As an urban dweller, Preezy recognizes how easily societal tensions—played out in “Do the Right Thing”—can escalate like the soaring temperatures on a summer day in real life.

“The moments in these films, you can pinpoint moments in films and it relates to what you went through in your life. It resonates with you; when you lose close friends…it’s life imitating art. Like it’s…summer, I’m in Brooklyn, in the same ‘hood as ‘Do the Right Thing’ was shot. It’s something that could possibly happen. Hopefully nothing like [in the movie] will happen.”

Hood believes it already has.

“The whole [Donald] Sterling thing was similar to the situation that happens in Spike Lee’s ‘Do the Right Thing.’ It’s like Sal’s Pizzeria, with no pictures of Black men on the walls. [His feelings were] I’ve probably had famous jazz musicians in my shop, but I won’t hang up pictures of them. Donald Sterling gives millions to Black basketball players, but won’t take pictures with any of them,” offered Hood.

It’s the urban-based points of relevancy that connect famous movie characters in “Boyz n the Hood,” “Do the Right Thing” and “Cooley High” to younger generations to enlighten.  

“They’re still relevant today [because we’re] still experiencing examples of violence in African-American communities. African-American men coming to violent ends,” said Paula Massood, Brooklyn College film professor.

“It’s this continuing violence in city areas. We see it in Florida, like with Trayvon Martin; we still see this narrative; saw it in ‘Fruitvale Station’ as well. It continues the relevance of loss of life.”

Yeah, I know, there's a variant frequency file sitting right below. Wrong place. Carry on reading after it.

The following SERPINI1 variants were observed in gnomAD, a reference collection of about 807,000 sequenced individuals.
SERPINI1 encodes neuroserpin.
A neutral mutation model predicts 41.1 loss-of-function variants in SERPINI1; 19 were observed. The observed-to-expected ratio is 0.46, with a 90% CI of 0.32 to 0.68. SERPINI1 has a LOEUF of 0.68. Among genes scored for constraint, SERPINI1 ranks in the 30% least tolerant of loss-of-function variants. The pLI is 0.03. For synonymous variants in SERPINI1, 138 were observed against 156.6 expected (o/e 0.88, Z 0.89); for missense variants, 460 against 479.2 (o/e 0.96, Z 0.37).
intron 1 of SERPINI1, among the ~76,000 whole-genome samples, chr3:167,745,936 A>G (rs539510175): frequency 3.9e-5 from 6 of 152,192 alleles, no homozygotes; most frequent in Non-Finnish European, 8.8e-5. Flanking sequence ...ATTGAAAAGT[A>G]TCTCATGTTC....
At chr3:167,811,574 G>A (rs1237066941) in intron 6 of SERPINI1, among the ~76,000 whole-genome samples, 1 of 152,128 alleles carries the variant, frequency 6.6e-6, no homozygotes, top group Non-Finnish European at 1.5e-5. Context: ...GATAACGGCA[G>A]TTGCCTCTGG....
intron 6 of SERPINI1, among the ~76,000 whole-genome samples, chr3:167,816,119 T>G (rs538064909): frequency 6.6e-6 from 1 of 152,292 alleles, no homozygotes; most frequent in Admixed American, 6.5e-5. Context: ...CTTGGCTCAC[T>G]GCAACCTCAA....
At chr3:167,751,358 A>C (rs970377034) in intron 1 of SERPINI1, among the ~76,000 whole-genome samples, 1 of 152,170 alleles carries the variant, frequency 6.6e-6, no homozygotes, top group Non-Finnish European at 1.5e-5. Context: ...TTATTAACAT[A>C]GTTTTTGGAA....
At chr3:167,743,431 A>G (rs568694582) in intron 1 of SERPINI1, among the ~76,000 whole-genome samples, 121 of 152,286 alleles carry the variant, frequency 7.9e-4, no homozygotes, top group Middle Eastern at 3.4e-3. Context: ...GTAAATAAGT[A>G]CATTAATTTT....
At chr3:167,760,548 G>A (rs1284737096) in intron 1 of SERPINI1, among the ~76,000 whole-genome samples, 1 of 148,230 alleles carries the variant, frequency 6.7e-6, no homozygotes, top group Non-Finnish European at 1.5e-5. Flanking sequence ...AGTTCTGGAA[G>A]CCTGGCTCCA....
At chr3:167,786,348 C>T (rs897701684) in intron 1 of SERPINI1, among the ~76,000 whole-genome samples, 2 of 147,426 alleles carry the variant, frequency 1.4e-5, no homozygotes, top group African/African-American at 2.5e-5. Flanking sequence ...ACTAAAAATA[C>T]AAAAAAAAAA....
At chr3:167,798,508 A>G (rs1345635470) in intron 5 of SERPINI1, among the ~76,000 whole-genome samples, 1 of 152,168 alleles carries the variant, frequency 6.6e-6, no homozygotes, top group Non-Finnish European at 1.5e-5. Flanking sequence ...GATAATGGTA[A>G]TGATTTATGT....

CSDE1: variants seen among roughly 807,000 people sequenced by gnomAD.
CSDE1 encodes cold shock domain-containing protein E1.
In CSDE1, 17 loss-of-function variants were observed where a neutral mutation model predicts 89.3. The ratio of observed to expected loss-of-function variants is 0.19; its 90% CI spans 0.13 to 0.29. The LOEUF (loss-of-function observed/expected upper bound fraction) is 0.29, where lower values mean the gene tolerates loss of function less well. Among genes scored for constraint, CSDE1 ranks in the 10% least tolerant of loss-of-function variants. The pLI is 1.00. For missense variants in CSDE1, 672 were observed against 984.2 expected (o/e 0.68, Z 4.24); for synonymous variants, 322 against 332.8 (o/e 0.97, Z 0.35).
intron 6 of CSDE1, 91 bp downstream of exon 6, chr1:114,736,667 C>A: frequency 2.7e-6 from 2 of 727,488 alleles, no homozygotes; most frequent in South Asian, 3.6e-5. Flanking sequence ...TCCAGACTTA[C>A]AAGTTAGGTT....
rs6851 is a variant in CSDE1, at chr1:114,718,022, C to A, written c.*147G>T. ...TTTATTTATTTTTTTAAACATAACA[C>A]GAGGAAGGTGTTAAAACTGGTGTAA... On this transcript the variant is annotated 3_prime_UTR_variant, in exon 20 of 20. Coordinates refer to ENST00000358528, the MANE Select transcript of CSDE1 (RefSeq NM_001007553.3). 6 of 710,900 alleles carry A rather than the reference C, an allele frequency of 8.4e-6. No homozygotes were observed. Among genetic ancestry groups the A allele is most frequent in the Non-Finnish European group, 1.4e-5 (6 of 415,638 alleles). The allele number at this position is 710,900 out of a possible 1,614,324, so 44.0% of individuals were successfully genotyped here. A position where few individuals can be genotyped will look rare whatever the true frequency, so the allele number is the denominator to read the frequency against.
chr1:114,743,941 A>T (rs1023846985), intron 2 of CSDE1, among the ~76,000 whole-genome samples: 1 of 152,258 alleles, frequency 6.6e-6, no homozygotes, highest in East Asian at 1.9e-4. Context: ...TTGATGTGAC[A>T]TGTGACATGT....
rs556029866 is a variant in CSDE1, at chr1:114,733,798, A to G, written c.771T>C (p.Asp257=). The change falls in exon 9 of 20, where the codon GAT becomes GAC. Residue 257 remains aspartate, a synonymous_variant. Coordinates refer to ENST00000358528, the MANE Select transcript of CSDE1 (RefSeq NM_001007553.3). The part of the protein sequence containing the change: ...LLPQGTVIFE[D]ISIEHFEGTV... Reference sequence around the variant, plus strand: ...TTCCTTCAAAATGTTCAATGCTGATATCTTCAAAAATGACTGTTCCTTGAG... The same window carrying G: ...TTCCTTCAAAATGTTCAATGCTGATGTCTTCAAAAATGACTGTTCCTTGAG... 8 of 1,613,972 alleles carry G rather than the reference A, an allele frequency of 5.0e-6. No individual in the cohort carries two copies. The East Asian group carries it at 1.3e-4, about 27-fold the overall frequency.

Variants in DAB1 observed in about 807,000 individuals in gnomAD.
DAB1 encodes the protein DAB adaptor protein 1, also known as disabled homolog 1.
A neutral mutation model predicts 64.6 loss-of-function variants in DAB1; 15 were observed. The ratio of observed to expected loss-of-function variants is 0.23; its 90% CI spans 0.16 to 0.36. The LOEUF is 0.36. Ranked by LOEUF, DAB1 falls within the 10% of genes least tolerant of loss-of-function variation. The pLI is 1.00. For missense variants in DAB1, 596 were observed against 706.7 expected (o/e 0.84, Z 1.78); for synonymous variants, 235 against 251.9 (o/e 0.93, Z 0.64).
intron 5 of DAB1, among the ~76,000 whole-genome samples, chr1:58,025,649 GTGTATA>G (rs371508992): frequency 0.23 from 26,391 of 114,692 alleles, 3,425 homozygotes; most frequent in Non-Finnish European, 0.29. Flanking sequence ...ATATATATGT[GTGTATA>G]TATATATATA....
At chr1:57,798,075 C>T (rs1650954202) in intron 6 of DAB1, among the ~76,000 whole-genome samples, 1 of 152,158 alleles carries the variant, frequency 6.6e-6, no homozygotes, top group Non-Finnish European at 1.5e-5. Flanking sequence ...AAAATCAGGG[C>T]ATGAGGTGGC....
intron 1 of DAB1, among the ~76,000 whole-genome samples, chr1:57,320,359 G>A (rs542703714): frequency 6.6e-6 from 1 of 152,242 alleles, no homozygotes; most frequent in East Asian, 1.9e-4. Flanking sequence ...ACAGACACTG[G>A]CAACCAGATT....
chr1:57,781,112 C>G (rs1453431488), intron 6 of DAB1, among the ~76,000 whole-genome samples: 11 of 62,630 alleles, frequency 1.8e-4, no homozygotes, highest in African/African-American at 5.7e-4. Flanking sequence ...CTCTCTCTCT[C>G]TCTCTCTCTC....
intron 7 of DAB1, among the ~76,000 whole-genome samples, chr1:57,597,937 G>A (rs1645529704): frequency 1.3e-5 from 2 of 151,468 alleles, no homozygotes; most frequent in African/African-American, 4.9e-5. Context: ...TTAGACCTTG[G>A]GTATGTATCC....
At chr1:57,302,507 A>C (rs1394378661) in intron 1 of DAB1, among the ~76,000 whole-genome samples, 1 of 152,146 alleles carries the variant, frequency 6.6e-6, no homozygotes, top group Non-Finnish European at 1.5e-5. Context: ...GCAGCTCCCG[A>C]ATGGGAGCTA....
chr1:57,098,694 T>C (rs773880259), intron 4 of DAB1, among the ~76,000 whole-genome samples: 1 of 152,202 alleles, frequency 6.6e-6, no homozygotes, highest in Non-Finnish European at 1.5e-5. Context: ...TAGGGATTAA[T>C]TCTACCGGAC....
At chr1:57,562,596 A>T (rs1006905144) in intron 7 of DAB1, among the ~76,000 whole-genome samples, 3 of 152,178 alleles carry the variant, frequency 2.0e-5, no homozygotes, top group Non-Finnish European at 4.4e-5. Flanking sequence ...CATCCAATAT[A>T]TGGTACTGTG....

In Massood’s 2003 book “Black City Cinema: African-American Urban Experiences in Film,” she analyzed the role urban life has on Black film and its famous movie characters.

She told Regal, “Do the Right Thing” still stands the test of time because it captures the racial tension rising in a neighborhood with different races living close to one another, and the economic disparity between them.

Based on that assessment she couldn’t envision any other setting for the movie and its most tragic character, whose death stuck with her the most.

“With Raheem, he’s very much coded as a product of the environment. He wears the Bed-Stuy T-shirt, he’s this big, in-your-face accepted part of the neighborhood,” said Massood about the movie, listed as one of “100 Greatest American Films of All Time” by the American Film Institute.

“He’s a good example of a [famous movie] character that dies tragically [because he’s] the symbolic character of the neighborhood; that’s his place, once he becomes so loud, he has to be beaten down.”

Abdul Ali, 29, of Washington D.C. views each of these doomed famous movie characters as Greek chorus members that affected him in different ways.

“Radio Raheem represents Black noise. His death echoes a larger death, the death of Black expression,” said Ali, poet and teacher. “Ricky from ‘Boyz n the Hood’ gets caught up in the crossfire, which depicted L.A. gang life. The film was critical in showing America what life was like for Black people on the margins growing up in L.A.”

Whereas John Cornish III, 53, could identify with “Cooley High’s” message of a bonded brotherhood having grown up in the ‘60s and ‘70s.

“Everyone had these cliques,” remembered Cornish. “Everyone had a Cochise, a popular athlete and Preach, someone that talks about philosophical things. [The movie] accurately portrayed real-life friendships.”

Making it all the more poignant when unforeseen violence rips them apart, like with famous movie character Cochise, which Cornish is still impacted by despite watching the classic film several times.

“It’s Cochise because he got killed for all the wrong reasons,” declared Cornish. “As a Black man, the fact is that you could get caught up in the wrong place at the wrong time.”

This article was published on Friday 27 June, 2014.